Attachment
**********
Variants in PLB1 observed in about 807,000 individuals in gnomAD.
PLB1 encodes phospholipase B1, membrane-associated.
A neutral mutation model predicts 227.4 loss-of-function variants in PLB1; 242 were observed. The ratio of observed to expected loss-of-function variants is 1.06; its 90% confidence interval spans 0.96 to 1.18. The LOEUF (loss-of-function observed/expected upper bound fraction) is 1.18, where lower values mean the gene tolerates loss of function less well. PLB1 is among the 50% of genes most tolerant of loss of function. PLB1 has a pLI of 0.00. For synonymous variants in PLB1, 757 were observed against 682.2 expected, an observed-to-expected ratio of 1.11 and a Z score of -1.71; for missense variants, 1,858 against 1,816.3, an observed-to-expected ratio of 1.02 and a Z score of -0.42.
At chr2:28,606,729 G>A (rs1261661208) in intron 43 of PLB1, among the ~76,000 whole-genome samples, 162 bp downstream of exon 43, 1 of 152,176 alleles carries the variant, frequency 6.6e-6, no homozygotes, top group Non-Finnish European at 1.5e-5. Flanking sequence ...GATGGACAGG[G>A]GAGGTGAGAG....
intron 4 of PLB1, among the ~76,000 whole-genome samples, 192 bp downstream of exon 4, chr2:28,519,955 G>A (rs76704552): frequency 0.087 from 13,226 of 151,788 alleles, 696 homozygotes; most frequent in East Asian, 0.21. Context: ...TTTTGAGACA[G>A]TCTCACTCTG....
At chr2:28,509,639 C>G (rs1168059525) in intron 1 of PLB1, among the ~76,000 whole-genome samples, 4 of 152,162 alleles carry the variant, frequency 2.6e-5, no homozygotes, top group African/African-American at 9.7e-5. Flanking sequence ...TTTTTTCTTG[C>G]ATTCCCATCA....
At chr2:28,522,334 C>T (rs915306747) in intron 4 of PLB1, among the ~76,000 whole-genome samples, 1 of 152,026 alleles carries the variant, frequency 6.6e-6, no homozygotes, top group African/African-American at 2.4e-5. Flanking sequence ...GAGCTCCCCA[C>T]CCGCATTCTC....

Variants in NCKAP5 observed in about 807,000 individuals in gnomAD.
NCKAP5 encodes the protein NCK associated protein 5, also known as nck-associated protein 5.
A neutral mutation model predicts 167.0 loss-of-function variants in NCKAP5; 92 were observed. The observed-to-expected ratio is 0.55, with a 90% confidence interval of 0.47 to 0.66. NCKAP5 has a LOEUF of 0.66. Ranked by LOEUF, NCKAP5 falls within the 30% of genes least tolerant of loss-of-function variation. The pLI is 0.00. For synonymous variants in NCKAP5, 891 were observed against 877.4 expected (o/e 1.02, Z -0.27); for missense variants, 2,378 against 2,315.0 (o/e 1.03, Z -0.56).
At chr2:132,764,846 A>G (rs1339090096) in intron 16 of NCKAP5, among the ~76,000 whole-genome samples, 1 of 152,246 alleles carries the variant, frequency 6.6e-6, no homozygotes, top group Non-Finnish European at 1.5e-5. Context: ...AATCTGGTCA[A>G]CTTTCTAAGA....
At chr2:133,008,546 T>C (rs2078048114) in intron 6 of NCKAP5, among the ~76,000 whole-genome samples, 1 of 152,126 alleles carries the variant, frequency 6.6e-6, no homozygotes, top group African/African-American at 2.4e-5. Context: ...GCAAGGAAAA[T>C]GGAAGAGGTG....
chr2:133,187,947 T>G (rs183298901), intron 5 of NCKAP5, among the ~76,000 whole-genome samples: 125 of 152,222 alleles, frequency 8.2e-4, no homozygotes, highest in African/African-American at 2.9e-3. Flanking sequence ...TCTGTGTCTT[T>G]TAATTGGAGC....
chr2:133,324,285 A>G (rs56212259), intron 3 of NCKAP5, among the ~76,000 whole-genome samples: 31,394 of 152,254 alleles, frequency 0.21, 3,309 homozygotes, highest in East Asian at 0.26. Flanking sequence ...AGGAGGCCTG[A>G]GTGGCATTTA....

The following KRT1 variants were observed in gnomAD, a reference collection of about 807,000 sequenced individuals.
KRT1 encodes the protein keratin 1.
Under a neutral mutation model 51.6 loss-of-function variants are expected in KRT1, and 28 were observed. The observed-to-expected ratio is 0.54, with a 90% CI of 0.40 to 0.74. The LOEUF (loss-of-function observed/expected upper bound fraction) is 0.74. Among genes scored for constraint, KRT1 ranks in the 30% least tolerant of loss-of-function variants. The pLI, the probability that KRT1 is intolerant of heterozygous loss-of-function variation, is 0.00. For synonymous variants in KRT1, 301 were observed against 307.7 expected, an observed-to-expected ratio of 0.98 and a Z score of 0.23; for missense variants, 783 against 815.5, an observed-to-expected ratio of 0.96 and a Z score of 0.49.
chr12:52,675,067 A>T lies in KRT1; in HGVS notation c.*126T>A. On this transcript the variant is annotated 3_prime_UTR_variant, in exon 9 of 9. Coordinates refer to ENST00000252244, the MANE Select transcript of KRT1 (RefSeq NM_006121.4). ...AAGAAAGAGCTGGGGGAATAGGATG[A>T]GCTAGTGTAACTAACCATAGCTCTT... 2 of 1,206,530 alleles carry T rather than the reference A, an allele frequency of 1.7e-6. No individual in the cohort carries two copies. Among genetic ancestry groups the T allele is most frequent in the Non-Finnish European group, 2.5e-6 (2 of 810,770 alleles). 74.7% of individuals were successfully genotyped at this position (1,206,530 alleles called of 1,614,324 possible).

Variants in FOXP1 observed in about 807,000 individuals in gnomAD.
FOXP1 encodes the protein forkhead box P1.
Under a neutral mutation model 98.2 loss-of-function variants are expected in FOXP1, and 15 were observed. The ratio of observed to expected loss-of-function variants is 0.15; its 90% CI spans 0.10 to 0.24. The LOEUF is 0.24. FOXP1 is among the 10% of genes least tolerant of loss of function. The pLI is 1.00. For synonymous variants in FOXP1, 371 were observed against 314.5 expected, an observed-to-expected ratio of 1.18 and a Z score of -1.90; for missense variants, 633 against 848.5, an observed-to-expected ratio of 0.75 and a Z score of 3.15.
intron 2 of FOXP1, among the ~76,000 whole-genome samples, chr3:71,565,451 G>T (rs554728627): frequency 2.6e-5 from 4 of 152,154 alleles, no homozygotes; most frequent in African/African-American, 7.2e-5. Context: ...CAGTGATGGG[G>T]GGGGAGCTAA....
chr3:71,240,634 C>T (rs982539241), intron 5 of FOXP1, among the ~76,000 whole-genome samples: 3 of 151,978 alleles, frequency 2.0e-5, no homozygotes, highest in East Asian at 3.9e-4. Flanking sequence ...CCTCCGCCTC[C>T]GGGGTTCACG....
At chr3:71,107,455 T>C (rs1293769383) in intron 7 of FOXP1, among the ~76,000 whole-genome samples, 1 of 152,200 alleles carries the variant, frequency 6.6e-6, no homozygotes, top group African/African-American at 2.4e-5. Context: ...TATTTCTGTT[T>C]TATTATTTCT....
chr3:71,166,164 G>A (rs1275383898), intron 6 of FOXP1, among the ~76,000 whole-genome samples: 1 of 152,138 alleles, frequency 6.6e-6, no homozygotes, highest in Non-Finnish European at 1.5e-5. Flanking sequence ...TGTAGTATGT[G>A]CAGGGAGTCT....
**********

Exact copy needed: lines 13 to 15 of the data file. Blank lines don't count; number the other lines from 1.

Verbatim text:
chr2:133,187,947 T>G (rs183298901), intron 5 of NCKAP5, among the ~76,000 whole-genome samples: 125 of 152,222 alleles, frequency 8.2e-4, no homozygotes, highest in African/African-American at 2.9e-3. Flanking sequence ...TCTGTGTCTT[T>G]TAATTGGAGC....
chr2:133,324,285 A>G (rs56212259), intron 3 of NCKAP5, among the ~76,000 whole-genome samples: 31,394 of 152,254 alleles, frequency 0.21, 3,309 homozygotes, highest in East Asian at 0.26. Flanking sequence ...AGGAGGCCTG[A>G]GTGGCATTTA....

The following KRT1 variants were observed in gnomAD, a reference collection of about 807,000 sequenced individuals.